A Go with God moment.
So, you know I’m a bit obsessed with keeping people close to Christ. Sorry, it’s one of my many flaws. And my other shortcoming is that if someone finds following Christ to be not-worth-the-effort, I sincerely want them to at least ponder staying with Him for just a while longer. And both groups can accomplish this by utilizing the same practice. But you might say, “Since these two groups of people (let’s call you either a faith-seeker or a faith-decliner) are traveling in such different directions, how can the same practice accomplish similar results?
How about an answer in narrative form? While I was in seminary I heard the most wonderful personal story from one of my professors. He was tenured (which means you have a job-for-life) but gave it up to go back into the local church to serve a struggling congregation just outside of Washington D.C. He preached faithfully and loved his people, but the church never seemed to grow. As a matter of fact, the move from a small city in Kentucky to the huge metropolitan area of D.C. actually created a series of almost insurmountable family catastrophes. Slowly but surely my friend/professor began to perceive Jesus differently. He was still real, but rather than powerful and active, He seemed distant and uncaring. My friend did not come to this realization overnight, but it was a slow and almost imperceptible change. Until one day, he decided there was no value in investing time in prayer; because nothing he prayed for came into being. God was there, He just did not seem to care about his family or the church he was serving.
This newly formed vision of the divine frightened my friend. He knew if he did not take some kind of action, his chilling relationship with the Lord may someday turn Ice Cold. He needed to put himself into a river that would give hope that a life of faith would return. He knew that the way to God was to practice what Wesleyan’s call the “Means of Grace.” The means of grace are simply those practices where God shows up in a tangible way with the participants. For him, prayer was the key means he would employ. Yet, he knew he did not have the personal faith to utter sacred vocabulary to reach the heavens. So, he simply rubbed his fingers across the text of the Psalms each day; reading aloud the same words that functioned as the prayer book of Israel and the hymnal of Jesus. He rubbed and recited the prayers of David until the ink began to fade from the page. He knew that walking away from the Lord was more frightening than striving with a silent Savior. So he waited, he rubbed, he prayed.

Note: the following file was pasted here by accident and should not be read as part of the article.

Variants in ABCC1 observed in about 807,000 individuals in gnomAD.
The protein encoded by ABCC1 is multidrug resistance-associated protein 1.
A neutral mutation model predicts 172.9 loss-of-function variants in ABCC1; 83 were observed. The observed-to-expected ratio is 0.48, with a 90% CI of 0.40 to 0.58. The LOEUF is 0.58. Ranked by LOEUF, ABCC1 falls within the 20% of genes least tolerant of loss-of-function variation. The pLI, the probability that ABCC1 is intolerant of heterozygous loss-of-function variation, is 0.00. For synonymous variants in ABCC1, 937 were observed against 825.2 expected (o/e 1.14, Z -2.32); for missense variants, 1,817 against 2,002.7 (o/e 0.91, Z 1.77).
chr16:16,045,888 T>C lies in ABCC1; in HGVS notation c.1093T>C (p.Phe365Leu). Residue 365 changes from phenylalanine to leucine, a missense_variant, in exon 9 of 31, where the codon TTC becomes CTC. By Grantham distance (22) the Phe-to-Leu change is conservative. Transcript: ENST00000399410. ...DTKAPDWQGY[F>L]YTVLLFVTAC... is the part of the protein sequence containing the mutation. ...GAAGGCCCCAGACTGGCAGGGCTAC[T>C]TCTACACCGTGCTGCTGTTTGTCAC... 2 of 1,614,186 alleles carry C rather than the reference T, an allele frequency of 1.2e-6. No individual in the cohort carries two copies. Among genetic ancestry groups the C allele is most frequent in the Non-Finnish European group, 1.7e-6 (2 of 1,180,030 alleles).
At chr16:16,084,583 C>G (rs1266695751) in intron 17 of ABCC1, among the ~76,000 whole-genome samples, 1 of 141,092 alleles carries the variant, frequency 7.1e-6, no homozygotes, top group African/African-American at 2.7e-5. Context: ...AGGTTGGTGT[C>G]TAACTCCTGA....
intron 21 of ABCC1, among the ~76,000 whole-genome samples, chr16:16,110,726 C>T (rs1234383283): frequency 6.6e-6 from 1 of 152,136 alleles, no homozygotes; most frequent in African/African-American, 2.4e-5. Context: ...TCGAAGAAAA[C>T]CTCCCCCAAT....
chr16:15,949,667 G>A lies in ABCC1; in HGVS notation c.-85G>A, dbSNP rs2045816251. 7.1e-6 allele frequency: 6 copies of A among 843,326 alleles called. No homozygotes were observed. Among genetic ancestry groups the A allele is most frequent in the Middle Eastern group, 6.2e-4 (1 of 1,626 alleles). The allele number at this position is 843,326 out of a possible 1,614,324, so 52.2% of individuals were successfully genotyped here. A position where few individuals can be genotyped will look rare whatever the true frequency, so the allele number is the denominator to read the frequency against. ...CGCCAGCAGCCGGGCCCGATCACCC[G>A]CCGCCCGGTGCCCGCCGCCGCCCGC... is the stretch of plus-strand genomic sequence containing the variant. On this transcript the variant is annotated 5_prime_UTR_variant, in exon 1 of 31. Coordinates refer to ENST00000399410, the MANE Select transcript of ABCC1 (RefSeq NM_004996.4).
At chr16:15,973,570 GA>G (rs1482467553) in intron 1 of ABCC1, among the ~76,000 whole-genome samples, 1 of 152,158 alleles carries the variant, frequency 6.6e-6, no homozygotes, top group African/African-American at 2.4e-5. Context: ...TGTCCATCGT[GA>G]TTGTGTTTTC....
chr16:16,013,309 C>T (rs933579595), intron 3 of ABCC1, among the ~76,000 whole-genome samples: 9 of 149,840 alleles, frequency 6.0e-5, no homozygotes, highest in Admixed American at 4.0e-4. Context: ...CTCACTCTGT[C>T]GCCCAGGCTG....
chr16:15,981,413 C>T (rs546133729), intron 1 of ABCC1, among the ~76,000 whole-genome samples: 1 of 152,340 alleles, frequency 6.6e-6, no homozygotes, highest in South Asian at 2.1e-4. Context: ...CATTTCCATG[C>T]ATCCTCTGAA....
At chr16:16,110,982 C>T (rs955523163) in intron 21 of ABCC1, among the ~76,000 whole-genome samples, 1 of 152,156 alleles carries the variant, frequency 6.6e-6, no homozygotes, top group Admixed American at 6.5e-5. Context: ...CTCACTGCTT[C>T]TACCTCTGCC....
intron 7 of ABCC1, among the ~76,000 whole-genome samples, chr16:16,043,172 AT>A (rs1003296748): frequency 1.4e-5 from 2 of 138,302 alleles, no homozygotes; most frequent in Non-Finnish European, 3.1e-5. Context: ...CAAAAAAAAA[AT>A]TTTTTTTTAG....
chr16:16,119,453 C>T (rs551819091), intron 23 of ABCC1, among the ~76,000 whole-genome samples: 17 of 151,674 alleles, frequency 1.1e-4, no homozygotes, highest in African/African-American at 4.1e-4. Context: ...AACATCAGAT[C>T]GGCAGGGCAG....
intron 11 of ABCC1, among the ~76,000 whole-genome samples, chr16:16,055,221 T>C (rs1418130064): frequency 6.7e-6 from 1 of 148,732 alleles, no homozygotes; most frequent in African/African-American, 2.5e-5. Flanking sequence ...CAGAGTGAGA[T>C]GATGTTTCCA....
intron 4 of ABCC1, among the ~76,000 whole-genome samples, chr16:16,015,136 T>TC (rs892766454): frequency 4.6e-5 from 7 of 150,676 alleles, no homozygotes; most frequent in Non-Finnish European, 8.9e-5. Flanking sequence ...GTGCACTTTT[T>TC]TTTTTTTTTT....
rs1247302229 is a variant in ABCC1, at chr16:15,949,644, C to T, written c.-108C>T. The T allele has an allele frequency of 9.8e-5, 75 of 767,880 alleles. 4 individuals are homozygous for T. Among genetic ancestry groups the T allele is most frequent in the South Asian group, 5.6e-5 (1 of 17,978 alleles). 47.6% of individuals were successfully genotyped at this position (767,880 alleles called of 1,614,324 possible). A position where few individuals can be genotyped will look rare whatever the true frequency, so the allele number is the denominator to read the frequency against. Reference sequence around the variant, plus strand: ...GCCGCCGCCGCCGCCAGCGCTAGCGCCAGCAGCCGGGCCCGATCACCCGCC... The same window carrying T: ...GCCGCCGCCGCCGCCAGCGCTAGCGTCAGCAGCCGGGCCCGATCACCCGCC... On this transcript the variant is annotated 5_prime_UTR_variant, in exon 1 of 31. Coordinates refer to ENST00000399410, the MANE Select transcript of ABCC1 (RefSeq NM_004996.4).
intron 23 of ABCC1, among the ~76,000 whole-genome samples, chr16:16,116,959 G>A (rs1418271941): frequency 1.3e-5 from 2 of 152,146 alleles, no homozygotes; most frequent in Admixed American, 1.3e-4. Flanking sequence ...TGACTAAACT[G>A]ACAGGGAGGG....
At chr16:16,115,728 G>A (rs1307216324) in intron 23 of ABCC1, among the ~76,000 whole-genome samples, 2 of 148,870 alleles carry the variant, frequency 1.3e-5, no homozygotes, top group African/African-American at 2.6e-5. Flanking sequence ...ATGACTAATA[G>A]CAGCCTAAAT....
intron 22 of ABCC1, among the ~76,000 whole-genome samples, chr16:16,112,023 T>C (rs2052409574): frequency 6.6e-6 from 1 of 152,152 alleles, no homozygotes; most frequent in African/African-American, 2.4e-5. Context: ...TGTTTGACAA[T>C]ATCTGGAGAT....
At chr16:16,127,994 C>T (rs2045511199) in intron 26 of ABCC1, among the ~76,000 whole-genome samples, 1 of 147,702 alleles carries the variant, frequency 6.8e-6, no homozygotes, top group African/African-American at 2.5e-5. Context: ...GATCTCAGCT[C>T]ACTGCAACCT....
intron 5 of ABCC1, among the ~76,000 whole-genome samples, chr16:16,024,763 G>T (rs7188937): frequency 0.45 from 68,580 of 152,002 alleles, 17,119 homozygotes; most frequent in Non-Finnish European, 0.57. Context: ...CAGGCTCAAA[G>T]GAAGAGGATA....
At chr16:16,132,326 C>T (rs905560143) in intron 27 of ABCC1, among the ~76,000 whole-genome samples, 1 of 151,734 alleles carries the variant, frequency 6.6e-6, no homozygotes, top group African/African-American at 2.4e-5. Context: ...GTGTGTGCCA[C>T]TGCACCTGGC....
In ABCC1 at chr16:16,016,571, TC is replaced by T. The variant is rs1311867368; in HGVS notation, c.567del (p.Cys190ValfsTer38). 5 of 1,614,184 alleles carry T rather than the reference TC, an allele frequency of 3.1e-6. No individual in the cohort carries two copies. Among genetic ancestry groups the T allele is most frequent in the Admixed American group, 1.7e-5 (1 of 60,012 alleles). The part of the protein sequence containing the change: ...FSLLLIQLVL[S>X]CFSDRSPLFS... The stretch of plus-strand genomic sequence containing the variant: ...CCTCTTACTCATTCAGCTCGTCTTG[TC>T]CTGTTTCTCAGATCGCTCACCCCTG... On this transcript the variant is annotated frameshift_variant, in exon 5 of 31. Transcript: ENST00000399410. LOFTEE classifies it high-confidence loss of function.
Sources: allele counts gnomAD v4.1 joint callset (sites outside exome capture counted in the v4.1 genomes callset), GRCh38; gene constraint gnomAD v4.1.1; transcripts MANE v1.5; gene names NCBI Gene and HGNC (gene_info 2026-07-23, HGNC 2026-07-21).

Friends, practicing the Means of Grace is simply working within the ocean currents of faith-seeking. It’s not demanding a sign or forcing a divine ultimatum. Rather, it’s being honest with oneself that I do not have all the answers or maybe I’m not even asking the right questions. So, I’ll wait like so many faith-seekers before me.
I’ll pray - even is its someone else’s prayers.
I’ll read scripture - even if today, it they seem like mere human words.
I’ll attend church - even if the singing is poor and the sermon is dry.
I’ll take Communion - even if the bread is flavorless and the wine tastes sour.
I’ll wait, for maybe in the midst of this means God’s grace will once again speak into my world.
Waiting on God is not passive, but an active endeavor. So, why not rub your fingers across the screen…Psalm 121
I lift up my eyes to the hills-- where does my help come from?
My help comes from the LORD, the Maker of heaven and earth.
He will not let your foot slip-- he who watches over you will not slumber;
indeed, he who watches over Israel will neither slumber nor sleep.
The LORD watches over you-- the LORD is your shade at your right hand;
the sun will not harm you by day, nor the moon by night.
The LORD will keep you from all harm-- he will watch over your life;
the LORD will watch over your coming and going both now and forevermore.
And what about my friend? He is indeed fully restored. He teaches once again, with a fully-orbed grace that is contagious. He is much deeper in character, more tender-in-heart, much quicker to laugh and tears up even in the midst of class. He is strikingly Christ-like. He is sold on the Means of Grace.
What about you? Any takers for the Means of Grace?
We long to be like you…but are fearful of the process.
We are afraid of tarrying in silence…but know that the still small voice is hard to hear.
We know that the “fellowship of suffering” is Your call upon us…but we are taught to avoid pain. Teach us anew.
Grace us with the Means to become just like You.
Now, Go with God.